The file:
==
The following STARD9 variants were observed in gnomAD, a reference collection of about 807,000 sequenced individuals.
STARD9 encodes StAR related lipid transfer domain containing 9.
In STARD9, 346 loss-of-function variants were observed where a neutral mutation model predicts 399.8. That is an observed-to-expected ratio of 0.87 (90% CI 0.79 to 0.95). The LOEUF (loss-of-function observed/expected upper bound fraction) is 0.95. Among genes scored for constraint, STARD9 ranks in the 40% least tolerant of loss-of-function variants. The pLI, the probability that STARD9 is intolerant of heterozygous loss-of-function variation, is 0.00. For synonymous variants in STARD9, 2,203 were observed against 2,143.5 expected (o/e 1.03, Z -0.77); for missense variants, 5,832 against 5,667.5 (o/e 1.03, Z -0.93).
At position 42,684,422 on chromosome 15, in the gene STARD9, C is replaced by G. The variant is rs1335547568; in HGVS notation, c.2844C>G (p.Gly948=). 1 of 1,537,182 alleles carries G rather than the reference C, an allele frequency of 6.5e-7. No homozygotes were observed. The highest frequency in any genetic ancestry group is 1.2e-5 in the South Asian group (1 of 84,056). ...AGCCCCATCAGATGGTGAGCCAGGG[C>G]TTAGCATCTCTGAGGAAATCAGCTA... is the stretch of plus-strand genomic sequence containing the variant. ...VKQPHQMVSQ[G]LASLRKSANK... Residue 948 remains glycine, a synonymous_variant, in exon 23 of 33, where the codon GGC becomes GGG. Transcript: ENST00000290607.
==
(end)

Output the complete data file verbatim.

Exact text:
The following STARD9 variants were observed in gnomAD, a reference collection of about 807,000 sequenced individuals.
STARD9 encodes StAR related lipid transfer domain containing 9.
In STARD9, 346 loss-of-function variants were observed where a neutral mutation model predicts 399.8. That is an observed-to-expected ratio of 0.87 (90% CI 0.79 to 0.95). The LOEUF (loss-of-function observed/expected upper bound fraction) is 0.95. Among genes scored for constraint, STARD9 ranks in the 40% least tolerant of loss-of-function variants. The pLI, the probability that STARD9 is intolerant of heterozygous loss-of-function variation, is 0.00. For synonymous variants in STARD9, 2,203 were observed against 2,143.5 expected (o/e 1.03, Z -0.77); for missense variants, 5,832 against 5,667.5 (o/e 1.03, Z -0.93).
At position 42,684,422 on chromosome 15, in the gene STARD9, C is replaced by G. The variant is rs1335547568; in HGVS notation, c.2844C>G (p.Gly948=). 1 of 1,537,182 alleles carries G rather than the reference C, an allele frequency of 6.5e-7. No homozygotes were observed. The highest frequency in any genetic ancestry group is 1.2e-5 in the South Asian group (1 of 84,056). ...AGCCCCATCAGATGGTGAGCCAGGG[C>G]TTAGCATCTCTGAGGAAATCAGCTA... is the stretch of plus-strand genomic sequence containing the variant. ...VKQPHQMVSQ[G]LASLRKSANK... Residue 948 remains glycine, a synonymous_variant, in exon 23 of 33, where the codon GGC becomes GGG. Transcript: ENST00000290607.